During my two weeks in Lisbon, nearly every person I met gave me the same travel recommendations. Not one to bypass the wisdom of locals, I heeded all their advice and ensured my time in Portugal’s sunny capital city included two day trips — first to the royal sanctuary of Sintra, then to the beachy seaside town of Cascais.
First up: Sintra!
Sintra is something out of a fairy tale. With a looming Moorish castle sitting atop the forest-covered mountains, the magic of this sprawling UNESCO World Heritage site is tangible. Sintra is famous for its 19th-century Romantic architecture, which earned it its UNESCO designation. A popular retreat for Portuguese royals, it also served as a mystical religious destination — the Celts worshipped their moon god here.
From Lisbon, you’ll take the Linha de Sintra train that runs from Rossio station located near the Barrio Alto neighborhood. The train takes an hour, and you’ll know you’re heading the right away if you’re surrounded by tourists (you’ve been warned).
I don’t remember much of what I ate in Sintra minus two huge pastries from Casa Piriquita (which has the cutest signage). Make a morning stop for the local favorite, a travesseiro (almond pastry), and an espresso, before heading off to explore.
My favorite stop was the Palácio Nacional de Pena (aka the castle of my dreams). This colorful Romanticist castle is as quirky as it gets, with onion domes, mismatching crenallated towers and a patterned confectionary of mismatching tile. Commissioned in 1840 by the artist-husband of Queen Maria II, I’d really like to move in immediately and never leave. The view is nothing short of stunning.
My second favorite stop was Quinta da Regaleira — one of the most gorgeous parks I’ve ever visited. It’s the former residence of a wealthy Portuguese businessman, who built the five-floor grand house with an ornate Gothic façade. The best parts, however, are the gardens spread over four hectares. Secret tunnels, symbolism and a certain air of magical mysticism follow you wherever you wander.
Other popular stops in Sintra include the Castelo dos Mouros (Castle of the Moors), National Palace of Sintra and Convento dos Capuchos. Keep in mind that a full day trip will most likely only allow you to see 2-3 sites.
Cascais might be, perhaps, the very opposite of Sintra. The reason to come to this pristine coastal city is for good ol’ fashioned R+R. Cascais gained notoriety when the Portuguese royal family vacationed here in the 19th and 20th centuries, and now it’s a popular holiday destination for people and foreigners with money (the area is one of the richest municipalities in Portugal).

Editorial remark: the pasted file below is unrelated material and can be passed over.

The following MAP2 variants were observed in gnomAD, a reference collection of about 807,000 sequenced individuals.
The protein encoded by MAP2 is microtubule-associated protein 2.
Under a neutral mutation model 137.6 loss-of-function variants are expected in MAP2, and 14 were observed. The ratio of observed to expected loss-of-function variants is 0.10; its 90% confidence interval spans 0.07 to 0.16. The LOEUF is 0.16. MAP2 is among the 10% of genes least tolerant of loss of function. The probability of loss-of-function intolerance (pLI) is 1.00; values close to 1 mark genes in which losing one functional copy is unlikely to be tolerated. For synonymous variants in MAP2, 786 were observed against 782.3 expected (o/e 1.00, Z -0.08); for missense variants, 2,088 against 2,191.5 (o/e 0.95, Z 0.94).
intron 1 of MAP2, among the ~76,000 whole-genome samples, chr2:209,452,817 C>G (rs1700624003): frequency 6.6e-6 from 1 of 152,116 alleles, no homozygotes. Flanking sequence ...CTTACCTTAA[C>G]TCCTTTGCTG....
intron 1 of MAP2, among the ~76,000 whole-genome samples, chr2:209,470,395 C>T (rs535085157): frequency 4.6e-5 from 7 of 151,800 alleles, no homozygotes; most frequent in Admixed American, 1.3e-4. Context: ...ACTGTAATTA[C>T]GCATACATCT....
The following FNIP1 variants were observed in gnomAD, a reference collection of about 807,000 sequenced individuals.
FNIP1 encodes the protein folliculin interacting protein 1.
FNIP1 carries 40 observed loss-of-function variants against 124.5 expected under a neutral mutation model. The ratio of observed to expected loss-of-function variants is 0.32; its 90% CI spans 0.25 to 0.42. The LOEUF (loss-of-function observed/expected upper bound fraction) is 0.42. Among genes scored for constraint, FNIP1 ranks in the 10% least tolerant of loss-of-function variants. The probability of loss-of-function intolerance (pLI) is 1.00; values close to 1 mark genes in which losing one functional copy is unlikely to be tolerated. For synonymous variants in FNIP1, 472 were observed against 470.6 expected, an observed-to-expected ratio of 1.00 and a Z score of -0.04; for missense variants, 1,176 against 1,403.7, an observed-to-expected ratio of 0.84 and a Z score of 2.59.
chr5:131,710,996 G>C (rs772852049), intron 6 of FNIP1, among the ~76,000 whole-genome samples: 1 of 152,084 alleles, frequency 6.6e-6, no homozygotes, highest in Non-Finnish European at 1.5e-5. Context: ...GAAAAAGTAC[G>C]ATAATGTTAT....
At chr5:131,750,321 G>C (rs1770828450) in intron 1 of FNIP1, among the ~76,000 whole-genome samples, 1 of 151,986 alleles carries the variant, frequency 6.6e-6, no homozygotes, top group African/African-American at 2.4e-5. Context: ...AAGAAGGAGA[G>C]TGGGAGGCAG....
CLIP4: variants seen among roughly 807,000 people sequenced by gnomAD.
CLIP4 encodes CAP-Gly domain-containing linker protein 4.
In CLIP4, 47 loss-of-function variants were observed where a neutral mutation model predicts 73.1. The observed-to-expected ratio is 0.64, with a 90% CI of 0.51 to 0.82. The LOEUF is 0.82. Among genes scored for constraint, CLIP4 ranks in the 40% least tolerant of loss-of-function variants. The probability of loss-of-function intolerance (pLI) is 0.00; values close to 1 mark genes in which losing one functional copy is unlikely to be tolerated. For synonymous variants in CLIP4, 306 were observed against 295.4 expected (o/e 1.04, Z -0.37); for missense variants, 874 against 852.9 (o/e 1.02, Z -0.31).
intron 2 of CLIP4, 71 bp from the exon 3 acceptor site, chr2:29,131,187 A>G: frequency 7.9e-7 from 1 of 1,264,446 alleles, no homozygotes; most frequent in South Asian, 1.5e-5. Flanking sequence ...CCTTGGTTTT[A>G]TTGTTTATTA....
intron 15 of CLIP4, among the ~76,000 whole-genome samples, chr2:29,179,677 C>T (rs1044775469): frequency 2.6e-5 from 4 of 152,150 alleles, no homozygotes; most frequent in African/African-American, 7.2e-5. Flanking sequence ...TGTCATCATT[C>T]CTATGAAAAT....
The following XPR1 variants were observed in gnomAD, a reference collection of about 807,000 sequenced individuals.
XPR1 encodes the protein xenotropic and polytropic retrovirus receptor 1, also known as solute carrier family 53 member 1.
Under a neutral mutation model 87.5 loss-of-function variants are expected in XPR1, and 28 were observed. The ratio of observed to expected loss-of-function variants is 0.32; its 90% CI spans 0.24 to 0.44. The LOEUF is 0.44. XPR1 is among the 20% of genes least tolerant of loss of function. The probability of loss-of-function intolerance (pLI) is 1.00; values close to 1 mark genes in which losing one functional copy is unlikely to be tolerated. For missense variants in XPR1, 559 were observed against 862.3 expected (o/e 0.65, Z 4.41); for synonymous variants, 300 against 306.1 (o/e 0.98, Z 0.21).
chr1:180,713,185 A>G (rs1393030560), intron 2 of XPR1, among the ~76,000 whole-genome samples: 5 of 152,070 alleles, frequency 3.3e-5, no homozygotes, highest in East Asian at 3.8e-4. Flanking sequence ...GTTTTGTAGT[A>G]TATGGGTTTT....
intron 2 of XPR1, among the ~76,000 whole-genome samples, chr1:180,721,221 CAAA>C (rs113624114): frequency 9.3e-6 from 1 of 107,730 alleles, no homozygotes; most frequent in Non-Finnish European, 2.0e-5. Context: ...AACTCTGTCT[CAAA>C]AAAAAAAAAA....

The train from Lisbon’s Cais do Sodré station is a lovely hour-long scenic ride along the coast. If you feel so inclined, make a quick stop at Belém. You could easily take a full day trip here to visit the Mosteiro dos Jerónimos monastery, but if you’re short on time (like me), I’d recommend hopping off the train to see the Torre de Belém, a former defense tower and UNESCO World Heritage site located IN THE OCEAN. Then, seek out the famous pastel de nata at Pastéis de Belém. They claim to craft the original based on an ancient recipe from the Mosteiro dos Jerónimos.
A stop at Moules + Co. is highly recommended. Promise me you’ll order the Moules Á Bulhão Pato (mussels with coriander, olive oil + garlic) and a large glass of vinho branco. The mussels are a local dish and named after the famous Portuguese poet Bulhão Pato (knowing this fact will score you points with the locals).
There are quite a few things to see in Cascais, but my #1 recommendation is to find a you-sized spot on the beach, and park it there all day. Praia da Ribeira is the main beach, but I quite enjoyed Praia do Tamariz, (about a 40-minute walk east). If you cannot beach it more than 20 minutes without getting bored (like me), take a few hours to wander through the maze of Cascais. I was endlessly inspired by the bright colors, gorgeous architecture and laid-back vibe of this beachside gem.
[Typography hand-drawn by me]